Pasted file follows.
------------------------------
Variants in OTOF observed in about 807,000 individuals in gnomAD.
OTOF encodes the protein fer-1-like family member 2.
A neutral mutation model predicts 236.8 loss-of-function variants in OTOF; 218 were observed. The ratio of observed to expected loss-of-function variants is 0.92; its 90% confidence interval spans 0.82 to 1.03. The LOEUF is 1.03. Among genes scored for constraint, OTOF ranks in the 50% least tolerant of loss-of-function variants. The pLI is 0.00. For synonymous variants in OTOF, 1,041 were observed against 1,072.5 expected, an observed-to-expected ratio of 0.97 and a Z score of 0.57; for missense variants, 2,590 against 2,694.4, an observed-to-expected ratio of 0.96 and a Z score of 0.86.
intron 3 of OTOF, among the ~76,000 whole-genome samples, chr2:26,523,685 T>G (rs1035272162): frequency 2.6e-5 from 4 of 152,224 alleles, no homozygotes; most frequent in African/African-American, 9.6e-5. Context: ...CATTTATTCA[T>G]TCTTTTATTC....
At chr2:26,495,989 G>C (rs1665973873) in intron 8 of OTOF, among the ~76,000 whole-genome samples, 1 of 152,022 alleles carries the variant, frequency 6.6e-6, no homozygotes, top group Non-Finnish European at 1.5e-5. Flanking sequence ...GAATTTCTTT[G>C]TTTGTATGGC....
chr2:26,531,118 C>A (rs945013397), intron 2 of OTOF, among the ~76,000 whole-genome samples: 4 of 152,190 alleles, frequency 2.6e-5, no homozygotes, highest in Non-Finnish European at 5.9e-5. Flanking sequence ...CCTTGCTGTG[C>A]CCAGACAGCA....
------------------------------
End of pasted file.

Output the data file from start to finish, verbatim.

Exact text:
Variants in OTOF observed in about 807,000 individuals in gnomAD.
OTOF encodes the protein fer-1-like family member 2.
A neutral mutation model predicts 236.8 loss-of-function variants in OTOF; 218 were observed. The ratio of observed to expected loss-of-function variants is 0.92; its 90% confidence interval spans 0.82 to 1.03. The LOEUF is 1.03. Among genes scored for constraint, OTOF ranks in the 50% least tolerant of loss-of-function variants. The pLI is 0.00. For synonymous variants in OTOF, 1,041 were observed against 1,072.5 expected, an observed-to-expected ratio of 0.97 and a Z score of 0.57; for missense variants, 2,590 against 2,694.4, an observed-to-expected ratio of 0.96 and a Z score of 0.86.
intron 3 of OTOF, among the ~76,000 whole-genome samples, chr2:26,523,685 T>G (rs1035272162): frequency 2.6e-5 from 4 of 152,224 alleles, no homozygotes; most frequent in African/African-American, 9.6e-5. Context: ...CATTTATTCA[T>G]TCTTTTATTC....
At chr2:26,495,989 G>C (rs1665973873) in intron 8 of OTOF, among the ~76,000 whole-genome samples, 1 of 152,022 alleles carries the variant, frequency 6.6e-6, no homozygotes, top group Non-Finnish European at 1.5e-5. Flanking sequence ...GAATTTCTTT[G>C]TTTGTATGGC....
chr2:26,531,118 C>A (rs945013397), intron 2 of OTOF, among the ~76,000 whole-genome samples: 4 of 152,190 alleles, frequency 2.6e-5, no homozygotes, highest in Non-Finnish European at 5.9e-5. Flanking sequence ...CCTTGCTGTG[C>A]CCAGACAGCA....